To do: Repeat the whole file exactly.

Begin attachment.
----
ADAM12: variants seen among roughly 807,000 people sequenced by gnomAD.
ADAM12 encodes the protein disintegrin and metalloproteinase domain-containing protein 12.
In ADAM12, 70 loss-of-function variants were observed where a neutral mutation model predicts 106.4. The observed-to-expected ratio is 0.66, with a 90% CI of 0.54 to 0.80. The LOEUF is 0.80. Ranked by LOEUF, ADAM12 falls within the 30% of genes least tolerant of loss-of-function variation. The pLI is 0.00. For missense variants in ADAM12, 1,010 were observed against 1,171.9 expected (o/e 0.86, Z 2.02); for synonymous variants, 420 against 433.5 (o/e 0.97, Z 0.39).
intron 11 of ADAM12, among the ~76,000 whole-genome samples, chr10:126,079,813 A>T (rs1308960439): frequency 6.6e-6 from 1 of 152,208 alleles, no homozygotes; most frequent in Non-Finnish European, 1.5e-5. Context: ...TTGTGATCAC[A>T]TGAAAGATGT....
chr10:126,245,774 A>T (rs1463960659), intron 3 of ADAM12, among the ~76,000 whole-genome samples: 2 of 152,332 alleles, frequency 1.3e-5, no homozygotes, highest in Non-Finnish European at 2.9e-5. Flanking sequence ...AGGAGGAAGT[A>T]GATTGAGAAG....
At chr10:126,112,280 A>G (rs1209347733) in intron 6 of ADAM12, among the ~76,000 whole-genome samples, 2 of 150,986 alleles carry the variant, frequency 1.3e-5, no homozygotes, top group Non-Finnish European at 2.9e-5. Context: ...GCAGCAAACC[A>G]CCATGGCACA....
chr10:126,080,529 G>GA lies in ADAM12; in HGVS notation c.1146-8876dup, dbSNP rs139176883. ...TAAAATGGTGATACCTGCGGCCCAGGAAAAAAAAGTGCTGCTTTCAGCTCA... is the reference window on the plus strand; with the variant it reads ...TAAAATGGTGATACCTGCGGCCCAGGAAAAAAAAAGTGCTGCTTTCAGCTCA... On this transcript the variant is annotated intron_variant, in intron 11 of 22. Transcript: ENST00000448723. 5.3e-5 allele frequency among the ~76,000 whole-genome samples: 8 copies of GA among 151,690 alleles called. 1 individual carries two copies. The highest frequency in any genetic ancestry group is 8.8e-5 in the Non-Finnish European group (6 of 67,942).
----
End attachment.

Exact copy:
ADAM12: variants seen among roughly 807,000 people sequenced by gnomAD.
ADAM12 encodes the protein disintegrin and metalloproteinase domain-containing protein 12.
In ADAM12, 70 loss-of-function variants were observed where a neutral mutation model predicts 106.4. The observed-to-expected ratio is 0.66, with a 90% CI of 0.54 to 0.80. The LOEUF is 0.80. Ranked by LOEUF, ADAM12 falls within the 30% of genes least tolerant of loss-of-function variation. The pLI is 0.00. For missense variants in ADAM12, 1,010 were observed against 1,171.9 expected (o/e 0.86, Z 2.02); for synonymous variants, 420 against 433.5 (o/e 0.97, Z 0.39).
intron 11 of ADAM12, among the ~76,000 whole-genome samples, chr10:126,079,813 A>T (rs1308960439): frequency 6.6e-6 from 1 of 152,208 alleles, no homozygotes; most frequent in Non-Finnish European, 1.5e-5. Context: ...TTGTGATCAC[A>T]TGAAAGATGT....
chr10:126,245,774 A>T (rs1463960659), intron 3 of ADAM12, among the ~76,000 whole-genome samples: 2 of 152,332 alleles, frequency 1.3e-5, no homozygotes, highest in Non-Finnish European at 2.9e-5. Flanking sequence ...AGGAGGAAGT[A>T]GATTGAGAAG....
At chr10:126,112,280 A>G (rs1209347733) in intron 6 of ADAM12, among the ~76,000 whole-genome samples, 2 of 150,986 alleles carry the variant, frequency 1.3e-5, no homozygotes, top group Non-Finnish European at 2.9e-5. Context: ...GCAGCAAACC[A>G]CCATGGCACA....
chr10:126,080,529 G>GA lies in ADAM12; in HGVS notation c.1146-8876dup, dbSNP rs139176883. ...TAAAATGGTGATACCTGCGGCCCAGGAAAAAAAAGTGCTGCTTTCAGCTCA... is the reference window on the plus strand; with the variant it reads ...TAAAATGGTGATACCTGCGGCCCAGGAAAAAAAAAGTGCTGCTTTCAGCTCA... On this transcript the variant is annotated intron_variant, in intron 11 of 22. Transcript: ENST00000448723. 5.3e-5 allele frequency among the ~76,000 whole-genome samples: 8 copies of GA among 151,690 alleles called. 1 individual carries two copies. The highest frequency in any genetic ancestry group is 8.8e-5 in the Non-Finnish European group (6 of 67,942).